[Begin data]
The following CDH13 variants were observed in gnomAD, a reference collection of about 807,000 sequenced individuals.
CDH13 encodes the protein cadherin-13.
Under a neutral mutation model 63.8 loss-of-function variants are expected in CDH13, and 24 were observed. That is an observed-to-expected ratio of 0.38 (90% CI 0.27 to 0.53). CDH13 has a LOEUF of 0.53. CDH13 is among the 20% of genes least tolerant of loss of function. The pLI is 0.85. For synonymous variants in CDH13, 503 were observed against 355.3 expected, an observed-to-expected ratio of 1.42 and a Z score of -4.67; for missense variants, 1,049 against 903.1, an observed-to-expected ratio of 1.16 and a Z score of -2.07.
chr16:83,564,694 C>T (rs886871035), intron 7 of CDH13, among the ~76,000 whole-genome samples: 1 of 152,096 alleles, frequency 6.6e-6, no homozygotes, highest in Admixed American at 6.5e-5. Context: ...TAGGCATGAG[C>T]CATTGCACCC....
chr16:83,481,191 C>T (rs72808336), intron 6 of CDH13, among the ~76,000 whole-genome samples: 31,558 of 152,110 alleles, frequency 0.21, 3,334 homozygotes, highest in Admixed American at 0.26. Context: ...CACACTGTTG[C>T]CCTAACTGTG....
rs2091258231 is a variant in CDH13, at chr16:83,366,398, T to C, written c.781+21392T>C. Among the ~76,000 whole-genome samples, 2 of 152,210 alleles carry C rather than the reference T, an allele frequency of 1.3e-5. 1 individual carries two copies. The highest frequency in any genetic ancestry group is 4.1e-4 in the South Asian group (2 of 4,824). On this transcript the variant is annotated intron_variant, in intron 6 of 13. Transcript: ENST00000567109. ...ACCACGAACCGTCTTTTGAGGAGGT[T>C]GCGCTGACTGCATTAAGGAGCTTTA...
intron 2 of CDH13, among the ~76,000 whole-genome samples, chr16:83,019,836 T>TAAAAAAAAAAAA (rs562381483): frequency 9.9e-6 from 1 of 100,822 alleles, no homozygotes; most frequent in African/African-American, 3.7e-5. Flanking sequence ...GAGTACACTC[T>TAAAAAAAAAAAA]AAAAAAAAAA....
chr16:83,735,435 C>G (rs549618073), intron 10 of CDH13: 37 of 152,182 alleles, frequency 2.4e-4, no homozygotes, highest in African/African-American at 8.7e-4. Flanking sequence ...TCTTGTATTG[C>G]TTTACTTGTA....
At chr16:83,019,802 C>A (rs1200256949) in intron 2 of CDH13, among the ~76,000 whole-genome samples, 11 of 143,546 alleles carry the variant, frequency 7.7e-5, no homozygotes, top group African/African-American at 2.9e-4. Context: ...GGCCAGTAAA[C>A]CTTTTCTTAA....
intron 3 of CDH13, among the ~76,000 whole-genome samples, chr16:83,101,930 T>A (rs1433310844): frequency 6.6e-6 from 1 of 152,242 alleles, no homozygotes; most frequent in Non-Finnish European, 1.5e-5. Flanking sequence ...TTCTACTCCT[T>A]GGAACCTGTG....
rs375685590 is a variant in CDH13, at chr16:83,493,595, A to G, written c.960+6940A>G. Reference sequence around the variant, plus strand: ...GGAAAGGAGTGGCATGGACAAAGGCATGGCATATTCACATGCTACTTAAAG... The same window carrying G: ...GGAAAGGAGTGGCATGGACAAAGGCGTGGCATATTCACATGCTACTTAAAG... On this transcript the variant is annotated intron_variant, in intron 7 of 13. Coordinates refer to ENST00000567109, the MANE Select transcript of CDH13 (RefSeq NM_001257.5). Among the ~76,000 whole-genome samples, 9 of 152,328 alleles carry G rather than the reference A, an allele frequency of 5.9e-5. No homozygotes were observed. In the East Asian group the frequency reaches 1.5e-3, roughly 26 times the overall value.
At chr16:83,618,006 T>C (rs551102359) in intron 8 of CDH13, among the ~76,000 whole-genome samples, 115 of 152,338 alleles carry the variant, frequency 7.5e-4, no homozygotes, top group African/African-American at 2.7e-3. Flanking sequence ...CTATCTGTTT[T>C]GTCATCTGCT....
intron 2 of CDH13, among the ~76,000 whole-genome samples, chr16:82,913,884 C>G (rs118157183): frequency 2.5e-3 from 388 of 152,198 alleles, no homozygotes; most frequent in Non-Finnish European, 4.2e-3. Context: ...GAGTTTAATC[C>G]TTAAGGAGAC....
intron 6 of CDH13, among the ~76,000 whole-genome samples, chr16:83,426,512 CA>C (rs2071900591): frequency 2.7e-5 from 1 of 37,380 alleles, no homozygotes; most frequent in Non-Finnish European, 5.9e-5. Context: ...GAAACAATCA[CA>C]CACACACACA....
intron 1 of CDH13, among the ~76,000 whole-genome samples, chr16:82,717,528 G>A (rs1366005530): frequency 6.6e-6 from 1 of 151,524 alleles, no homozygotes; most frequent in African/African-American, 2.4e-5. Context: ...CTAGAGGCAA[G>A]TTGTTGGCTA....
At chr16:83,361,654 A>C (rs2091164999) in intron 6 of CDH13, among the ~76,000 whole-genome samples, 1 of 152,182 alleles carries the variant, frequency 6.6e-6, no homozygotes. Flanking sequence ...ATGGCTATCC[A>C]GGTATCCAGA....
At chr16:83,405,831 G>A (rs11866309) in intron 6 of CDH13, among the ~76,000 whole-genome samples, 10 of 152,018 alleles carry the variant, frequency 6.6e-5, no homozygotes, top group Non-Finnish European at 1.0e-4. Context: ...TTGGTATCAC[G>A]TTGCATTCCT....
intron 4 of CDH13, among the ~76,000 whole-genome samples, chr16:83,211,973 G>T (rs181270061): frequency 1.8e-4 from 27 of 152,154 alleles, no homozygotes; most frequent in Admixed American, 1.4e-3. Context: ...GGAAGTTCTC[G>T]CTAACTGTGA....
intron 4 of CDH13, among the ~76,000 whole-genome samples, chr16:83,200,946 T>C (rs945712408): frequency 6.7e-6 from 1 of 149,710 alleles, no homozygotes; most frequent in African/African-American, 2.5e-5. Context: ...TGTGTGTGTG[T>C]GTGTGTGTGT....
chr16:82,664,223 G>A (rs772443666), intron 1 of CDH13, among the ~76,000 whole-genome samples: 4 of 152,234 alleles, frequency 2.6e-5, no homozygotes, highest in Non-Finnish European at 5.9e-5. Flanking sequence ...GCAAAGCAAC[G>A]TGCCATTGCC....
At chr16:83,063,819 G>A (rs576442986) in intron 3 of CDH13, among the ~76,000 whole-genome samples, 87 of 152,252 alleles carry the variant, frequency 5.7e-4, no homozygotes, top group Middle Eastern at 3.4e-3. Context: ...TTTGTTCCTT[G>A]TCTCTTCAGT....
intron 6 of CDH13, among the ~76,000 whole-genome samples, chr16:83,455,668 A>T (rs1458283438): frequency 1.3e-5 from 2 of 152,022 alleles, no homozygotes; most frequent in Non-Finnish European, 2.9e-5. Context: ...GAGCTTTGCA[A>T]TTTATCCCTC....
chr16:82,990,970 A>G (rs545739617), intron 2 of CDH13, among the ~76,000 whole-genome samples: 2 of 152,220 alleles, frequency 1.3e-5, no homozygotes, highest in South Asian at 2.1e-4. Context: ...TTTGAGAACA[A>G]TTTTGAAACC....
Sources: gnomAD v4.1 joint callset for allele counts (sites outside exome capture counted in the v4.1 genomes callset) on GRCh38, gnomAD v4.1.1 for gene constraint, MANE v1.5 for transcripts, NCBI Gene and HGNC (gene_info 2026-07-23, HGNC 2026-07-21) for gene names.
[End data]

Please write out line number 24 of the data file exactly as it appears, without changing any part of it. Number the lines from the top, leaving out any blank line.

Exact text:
Sources: gnomAD v4.1 joint callset for allele counts (sites outside exome capture counted in the v4.1 genomes callset) on GRCh38, gnomAD v4.1.1 for gene constraint, MANE v1.5 for transcripts, NCBI Gene and HGNC (gene_info 2026-07-23, HGNC 2026-07-21) for gene names.